In Pennsylvania workers’ compensation, physical and mental injuries are treated very differently.  Is that fair?  Probably not, but that is the law with which we are left.

A physical injury, like a herniated disc in the neck or back, a rotator cuff tear in the shoulder or a ligament tear in a knee, are compensable under the PA Workers’ Compensation Act (Act), as long as the injured worker was within the scope and course of his or her employment at the time of the injury.  A mental injury, like post-traumatic stress disorder (PTSD), anxiety or depression, on the other hand, must be due to “abnormal working conditions” to be compensable (unless resulting from a physical injury).

It is the interpretation of this phrase, “abnormal working conditions,” upon which such a case turns.  As the court decisions have taught us, that phrase is very fact specific.

We often have issues regarding whether a particular medical expense is payable by the workers’ compensation insurance carrier.  The issue could be whether it is a “medical” treatment at all, whether it is related to the work injury, or whether it is “reasonable or necessary.”  A recent case from the Commonwealth Court of Pennsylvania examined a few of these issues.

In M.R. Schmidt v. Schmidt, Kirifides and Rassias, PC (Workers Compensation Appeal Board), the injured worker (Claimant) suffered an “aggravation of a preexisting degenerative disc disease at the levels of L4-5 and L5- S1 with radiculopathy” while he was loading files into a bag.  The injured worker litigated, and won, a Claim Petition to have this injury accepted as compensable.  Despite his injury, Claimant continued to work with the assistance of pain management.  In an effort to avoid increasing the amount of Oxycodone and/or OxyContin he was taking, the pain management physician prescribed cannabinoid (CBD) oil.  Since the dosages of the opioids has not been increased again, and Claimant has been able to avoid surgery, the use of CBD oil appears to have been successful.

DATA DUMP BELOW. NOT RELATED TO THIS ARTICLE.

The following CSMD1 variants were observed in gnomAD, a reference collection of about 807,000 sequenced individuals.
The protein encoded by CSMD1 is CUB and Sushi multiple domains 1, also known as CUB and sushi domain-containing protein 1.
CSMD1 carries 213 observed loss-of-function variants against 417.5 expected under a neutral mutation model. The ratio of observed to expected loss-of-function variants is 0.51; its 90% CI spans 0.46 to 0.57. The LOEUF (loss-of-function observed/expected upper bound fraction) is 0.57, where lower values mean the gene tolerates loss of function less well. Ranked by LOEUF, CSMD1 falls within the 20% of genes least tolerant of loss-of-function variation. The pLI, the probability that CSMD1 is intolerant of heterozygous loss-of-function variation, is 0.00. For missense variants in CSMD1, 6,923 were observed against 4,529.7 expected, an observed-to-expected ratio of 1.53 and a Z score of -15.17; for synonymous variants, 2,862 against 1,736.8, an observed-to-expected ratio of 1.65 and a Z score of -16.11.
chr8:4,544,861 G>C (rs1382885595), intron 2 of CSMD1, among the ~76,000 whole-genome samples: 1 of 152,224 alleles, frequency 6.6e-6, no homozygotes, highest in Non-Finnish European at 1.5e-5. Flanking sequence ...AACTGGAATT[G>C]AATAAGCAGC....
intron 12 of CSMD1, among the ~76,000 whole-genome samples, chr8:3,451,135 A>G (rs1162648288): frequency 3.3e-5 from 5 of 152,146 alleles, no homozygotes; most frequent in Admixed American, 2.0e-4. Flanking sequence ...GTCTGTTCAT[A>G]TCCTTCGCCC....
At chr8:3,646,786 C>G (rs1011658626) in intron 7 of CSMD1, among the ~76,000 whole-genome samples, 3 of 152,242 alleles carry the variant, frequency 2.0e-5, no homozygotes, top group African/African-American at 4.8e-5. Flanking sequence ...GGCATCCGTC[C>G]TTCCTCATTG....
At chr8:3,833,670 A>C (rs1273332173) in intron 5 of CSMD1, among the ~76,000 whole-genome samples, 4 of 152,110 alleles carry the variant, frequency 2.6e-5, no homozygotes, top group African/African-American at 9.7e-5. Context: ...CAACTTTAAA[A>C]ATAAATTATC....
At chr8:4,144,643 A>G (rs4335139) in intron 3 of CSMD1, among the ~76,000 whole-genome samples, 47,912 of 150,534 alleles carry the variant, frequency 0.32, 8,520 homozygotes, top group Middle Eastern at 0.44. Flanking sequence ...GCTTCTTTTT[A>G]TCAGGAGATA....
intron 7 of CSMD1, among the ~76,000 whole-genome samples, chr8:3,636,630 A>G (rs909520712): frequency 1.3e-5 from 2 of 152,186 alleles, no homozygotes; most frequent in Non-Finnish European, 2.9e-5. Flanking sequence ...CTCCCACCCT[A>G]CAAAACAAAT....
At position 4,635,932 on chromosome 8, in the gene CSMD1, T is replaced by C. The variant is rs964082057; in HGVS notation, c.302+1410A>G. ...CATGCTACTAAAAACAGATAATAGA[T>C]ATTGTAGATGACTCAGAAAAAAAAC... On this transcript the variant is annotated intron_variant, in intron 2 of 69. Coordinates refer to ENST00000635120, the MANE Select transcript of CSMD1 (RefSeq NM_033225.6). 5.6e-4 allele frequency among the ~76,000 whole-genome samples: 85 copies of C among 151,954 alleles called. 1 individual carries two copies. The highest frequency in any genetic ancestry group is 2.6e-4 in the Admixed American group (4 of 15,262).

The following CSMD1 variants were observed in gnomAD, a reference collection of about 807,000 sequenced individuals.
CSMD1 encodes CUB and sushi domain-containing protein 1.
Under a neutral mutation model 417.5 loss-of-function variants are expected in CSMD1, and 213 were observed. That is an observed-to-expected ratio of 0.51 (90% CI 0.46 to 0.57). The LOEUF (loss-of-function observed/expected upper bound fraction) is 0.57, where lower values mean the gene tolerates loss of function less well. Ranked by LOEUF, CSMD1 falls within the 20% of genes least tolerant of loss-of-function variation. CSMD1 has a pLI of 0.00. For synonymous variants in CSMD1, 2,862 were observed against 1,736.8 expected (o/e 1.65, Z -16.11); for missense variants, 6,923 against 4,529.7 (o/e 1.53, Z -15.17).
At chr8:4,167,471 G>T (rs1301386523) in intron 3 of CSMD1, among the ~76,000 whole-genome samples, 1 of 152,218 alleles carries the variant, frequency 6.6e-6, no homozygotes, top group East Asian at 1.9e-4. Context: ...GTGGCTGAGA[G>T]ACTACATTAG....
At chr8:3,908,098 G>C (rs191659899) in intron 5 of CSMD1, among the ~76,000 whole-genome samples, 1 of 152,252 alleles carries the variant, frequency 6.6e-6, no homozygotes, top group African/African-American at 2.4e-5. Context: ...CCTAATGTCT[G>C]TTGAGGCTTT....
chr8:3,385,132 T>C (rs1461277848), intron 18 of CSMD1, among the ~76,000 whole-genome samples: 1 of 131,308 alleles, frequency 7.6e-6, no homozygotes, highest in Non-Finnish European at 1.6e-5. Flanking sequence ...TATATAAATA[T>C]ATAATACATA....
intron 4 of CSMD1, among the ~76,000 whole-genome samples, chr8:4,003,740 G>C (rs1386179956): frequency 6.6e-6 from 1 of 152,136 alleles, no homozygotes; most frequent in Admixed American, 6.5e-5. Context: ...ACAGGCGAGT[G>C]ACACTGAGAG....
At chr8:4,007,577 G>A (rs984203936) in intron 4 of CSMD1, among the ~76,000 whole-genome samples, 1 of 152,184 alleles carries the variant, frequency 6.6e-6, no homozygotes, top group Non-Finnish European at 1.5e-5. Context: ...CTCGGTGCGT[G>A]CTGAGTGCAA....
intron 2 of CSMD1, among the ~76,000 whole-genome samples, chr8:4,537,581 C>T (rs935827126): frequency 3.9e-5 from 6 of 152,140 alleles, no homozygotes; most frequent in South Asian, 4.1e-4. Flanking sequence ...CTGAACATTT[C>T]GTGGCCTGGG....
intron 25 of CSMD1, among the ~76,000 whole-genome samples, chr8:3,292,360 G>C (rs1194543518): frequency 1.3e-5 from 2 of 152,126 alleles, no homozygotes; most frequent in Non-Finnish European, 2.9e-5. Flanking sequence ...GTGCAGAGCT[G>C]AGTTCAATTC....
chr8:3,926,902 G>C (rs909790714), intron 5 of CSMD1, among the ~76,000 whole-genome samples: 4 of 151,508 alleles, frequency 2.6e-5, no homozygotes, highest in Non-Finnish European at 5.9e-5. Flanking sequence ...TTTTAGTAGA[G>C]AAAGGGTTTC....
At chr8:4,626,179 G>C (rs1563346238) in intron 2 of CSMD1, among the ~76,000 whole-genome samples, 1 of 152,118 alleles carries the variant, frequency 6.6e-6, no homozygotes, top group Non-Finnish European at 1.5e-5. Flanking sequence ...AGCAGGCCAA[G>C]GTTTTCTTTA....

The Pennsylvania Workers’ Compensation Act (Act) requires that the insurance carrier pay for all reasonable and necessary medical treatment related to the work injury.  As such, Claimant provided the insurance carrier with the prescription for the CBD oil, as well as his out-of-pocket receipts.  The insurance carrier refused to reimburse these expenses, alleging that CBD oil is not a “pharmaceutical drug.”  As a result, Claimant filed a Petition for Penalties.

We are often asked why an injured worker in Pennsylvania needs an attorney.  “They know I got hurt on the job,” the injured worker might say, “Why would I need a lawyer?”  Well, the Commonwealth Court of Pennsylvania recently issued a decision that demonstrates why every injured worker in PA should have an attorney protecting his or her rights.

In Keffer v. Colfax Corporation and Phoenix Insurance Company (Workers’ Compensation Appeal Board) it appears the injured worker did everything his employer and the insurance carrier asked.  And, he lost all of his rights in the process.  This case is a very important lesson for every injured worker in Pennsylvania.

The injured worker in this case hurt his low back lifting a box of metal rods on December 18, 2014.  The insurance carrier issued a Notice of Temporary Compensation Payable (NTCP), accepting the injury as a “low back strain,” and the payment of workers’ compensation benefits began.  These benefits continued until the injured worker returned to full-duty work on March 9, 2015.  The insurance carrier then issued a Notice Stopping Temporary Compensation (NSTC) and a medical-only Notice of Compensation Payable (NCP) on March 12, 2015.

There are two situations when an employee hurt at work in Pennsylvania is entitled to workers’ compensation benefits.  The first, which encompasses the vast majority of cases, is when the employee is “actually engaged in the furtherance of the [employer’s] business or affairs . . . .”  This is true whether the injury takes place on or off the premises of the employer.  On the other hand, the second is when the employee is not actually engaged in the furtherance of the employer’s business or affairs.  In that situation, the analysis is one based on a 1977 Pennsylvania Commonwealth Court case called Workmen’s Comp. Appeal Bd. (Slaugenhaupt) v. United States Steel Corp (and generally known as the “Slaugenhaupt test”).

Under the Slaugenhaupt test, the injured worker must prove that he or she “(1) is on a premises under the control of the employer; (2) is required by the nature of his employment to be on such premises; and (3) sustains an injury or injuries due to a condition of the premises or operation of the business.”  All three of these requirements must be met.  Parking lot cases (so, before or after work) are always fact-specific, given this analysis.